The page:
Using Nursery Rhymes to Foster Phonological and Musical Processing Skills in Kindergarteners

Title: Using Nursery Rhymes to Foster Phonological and Musical Processing Skills in Kindergarteners
Authors: Bolduc, Jonathan
Lefebvre, Pascal
Date: 2012
Abstract: The aim of this study was to assess the efficiency of four learning conditions to develop phonological and musical processing skills through a set of 10 nursery rhymes. According to the analysis of the teachers’ practices, eight kindergarten classes (n = 100 kindergarteners) were paired and assigned to one of the following conditions: 1) music, 2) language, 3) combined [music and language], and 4) passive listening (control classes). Participants in conditions 1, 2, and 3 were met for 40 minutes per week over a ten-week period. In condition 1, the nursery rhymes were supplemented by musical activities and in condition 2 by language activities. Condition 3 was a combination of activities from conditions 1 and 2. In condition 4, children listened to a recording of the same nursery rhymes for 15 minutes daily during free exploration periods. No intervention was proposed for this control condition. All participants were evaluated using the same phonological and musical processing measures prior to and after the implementation of the program. Results indicated that children in conditions 1, 2 and 3 significantly improved their phonological awareness and their invented spelling skills at post-test. However, only the two conditions in which the music component was integrated enhanced significantly their results at the verbal memory task. Children in conditions 1, 3 and 4 enhanced tonal and rhythm perception skills. This study demonstrated that supplementing nursery rhymes with language activities is an efficient manner to develop emergent literacy skills, but the addition of musical activities could also boost phonological processing skills.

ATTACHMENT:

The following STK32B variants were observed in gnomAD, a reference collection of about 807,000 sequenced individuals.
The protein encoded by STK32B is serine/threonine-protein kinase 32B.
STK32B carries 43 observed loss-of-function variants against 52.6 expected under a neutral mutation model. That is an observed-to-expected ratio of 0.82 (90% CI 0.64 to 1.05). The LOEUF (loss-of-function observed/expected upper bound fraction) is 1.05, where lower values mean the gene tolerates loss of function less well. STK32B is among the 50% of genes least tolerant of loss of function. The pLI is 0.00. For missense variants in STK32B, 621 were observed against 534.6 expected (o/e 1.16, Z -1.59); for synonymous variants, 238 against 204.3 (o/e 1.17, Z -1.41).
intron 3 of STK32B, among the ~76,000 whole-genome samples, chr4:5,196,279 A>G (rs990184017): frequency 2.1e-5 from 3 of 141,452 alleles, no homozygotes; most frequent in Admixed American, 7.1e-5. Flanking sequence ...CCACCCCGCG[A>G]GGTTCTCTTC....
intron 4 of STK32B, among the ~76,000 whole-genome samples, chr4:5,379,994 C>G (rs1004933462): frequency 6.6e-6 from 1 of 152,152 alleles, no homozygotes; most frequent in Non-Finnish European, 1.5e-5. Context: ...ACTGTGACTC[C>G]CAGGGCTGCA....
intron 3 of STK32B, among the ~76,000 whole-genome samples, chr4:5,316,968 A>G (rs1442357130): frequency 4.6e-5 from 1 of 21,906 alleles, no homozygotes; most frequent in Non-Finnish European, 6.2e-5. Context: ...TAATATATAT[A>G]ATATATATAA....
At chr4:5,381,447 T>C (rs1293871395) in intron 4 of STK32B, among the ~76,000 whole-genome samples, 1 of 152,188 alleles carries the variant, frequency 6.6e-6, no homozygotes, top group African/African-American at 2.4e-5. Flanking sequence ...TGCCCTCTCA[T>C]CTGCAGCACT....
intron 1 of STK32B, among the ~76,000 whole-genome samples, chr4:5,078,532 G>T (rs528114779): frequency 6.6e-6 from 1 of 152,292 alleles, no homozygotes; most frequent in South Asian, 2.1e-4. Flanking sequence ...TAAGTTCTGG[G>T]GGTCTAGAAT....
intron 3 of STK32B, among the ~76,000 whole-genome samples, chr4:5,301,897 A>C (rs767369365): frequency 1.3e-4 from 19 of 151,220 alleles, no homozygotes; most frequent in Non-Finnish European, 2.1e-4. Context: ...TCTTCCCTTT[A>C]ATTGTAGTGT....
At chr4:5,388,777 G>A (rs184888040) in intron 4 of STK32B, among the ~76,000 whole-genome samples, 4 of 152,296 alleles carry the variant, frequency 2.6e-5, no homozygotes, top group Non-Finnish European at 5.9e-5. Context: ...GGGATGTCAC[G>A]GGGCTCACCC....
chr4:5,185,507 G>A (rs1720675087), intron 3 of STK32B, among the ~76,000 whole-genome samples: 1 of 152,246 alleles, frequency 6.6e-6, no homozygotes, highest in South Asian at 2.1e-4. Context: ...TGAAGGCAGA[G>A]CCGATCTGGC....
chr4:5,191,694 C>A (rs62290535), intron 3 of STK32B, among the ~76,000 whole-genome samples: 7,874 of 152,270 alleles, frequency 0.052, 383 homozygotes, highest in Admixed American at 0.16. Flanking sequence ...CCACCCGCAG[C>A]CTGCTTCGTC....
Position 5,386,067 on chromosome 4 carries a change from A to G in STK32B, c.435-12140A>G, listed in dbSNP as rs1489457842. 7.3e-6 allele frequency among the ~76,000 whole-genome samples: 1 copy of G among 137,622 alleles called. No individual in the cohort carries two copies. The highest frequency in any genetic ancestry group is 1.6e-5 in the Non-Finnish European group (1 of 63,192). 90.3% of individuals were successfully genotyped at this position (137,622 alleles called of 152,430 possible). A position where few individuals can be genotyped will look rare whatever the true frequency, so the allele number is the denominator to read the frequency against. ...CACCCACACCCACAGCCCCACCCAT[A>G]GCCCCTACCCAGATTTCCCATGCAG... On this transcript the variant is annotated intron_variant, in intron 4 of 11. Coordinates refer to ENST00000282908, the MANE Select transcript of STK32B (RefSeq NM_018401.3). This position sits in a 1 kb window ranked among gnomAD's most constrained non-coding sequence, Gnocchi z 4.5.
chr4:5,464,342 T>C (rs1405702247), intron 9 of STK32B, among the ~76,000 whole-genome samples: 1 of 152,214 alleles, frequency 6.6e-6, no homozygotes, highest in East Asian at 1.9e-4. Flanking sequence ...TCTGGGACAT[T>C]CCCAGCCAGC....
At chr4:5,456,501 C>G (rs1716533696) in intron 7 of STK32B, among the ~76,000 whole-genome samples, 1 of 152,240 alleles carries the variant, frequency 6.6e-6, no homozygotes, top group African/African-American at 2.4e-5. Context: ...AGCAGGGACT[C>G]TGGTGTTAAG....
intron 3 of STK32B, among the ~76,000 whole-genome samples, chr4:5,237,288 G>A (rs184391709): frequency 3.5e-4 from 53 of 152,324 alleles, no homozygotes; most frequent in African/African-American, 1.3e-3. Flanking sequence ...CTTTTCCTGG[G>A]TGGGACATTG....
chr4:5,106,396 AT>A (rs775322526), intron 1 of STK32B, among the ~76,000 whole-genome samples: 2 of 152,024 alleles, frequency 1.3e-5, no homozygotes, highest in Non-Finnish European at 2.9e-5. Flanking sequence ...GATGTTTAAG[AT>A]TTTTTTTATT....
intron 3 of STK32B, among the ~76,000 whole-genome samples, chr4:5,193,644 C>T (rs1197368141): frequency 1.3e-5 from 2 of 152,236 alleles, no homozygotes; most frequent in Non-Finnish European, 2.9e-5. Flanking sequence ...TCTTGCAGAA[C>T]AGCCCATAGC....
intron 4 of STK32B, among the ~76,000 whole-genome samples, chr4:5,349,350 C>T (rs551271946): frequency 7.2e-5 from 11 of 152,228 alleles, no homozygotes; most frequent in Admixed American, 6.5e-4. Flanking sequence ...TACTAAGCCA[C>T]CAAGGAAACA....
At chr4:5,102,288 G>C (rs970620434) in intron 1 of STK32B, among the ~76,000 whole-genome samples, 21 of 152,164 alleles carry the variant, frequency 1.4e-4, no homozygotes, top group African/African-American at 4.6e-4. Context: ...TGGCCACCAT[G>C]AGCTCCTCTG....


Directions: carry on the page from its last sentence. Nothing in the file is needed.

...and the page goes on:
DOI: 10.4236/ce.2012.34075
CollectionÉducation // Education - Publications
Libre accès uOttawa - Publications // uOttawa Open Access - Publications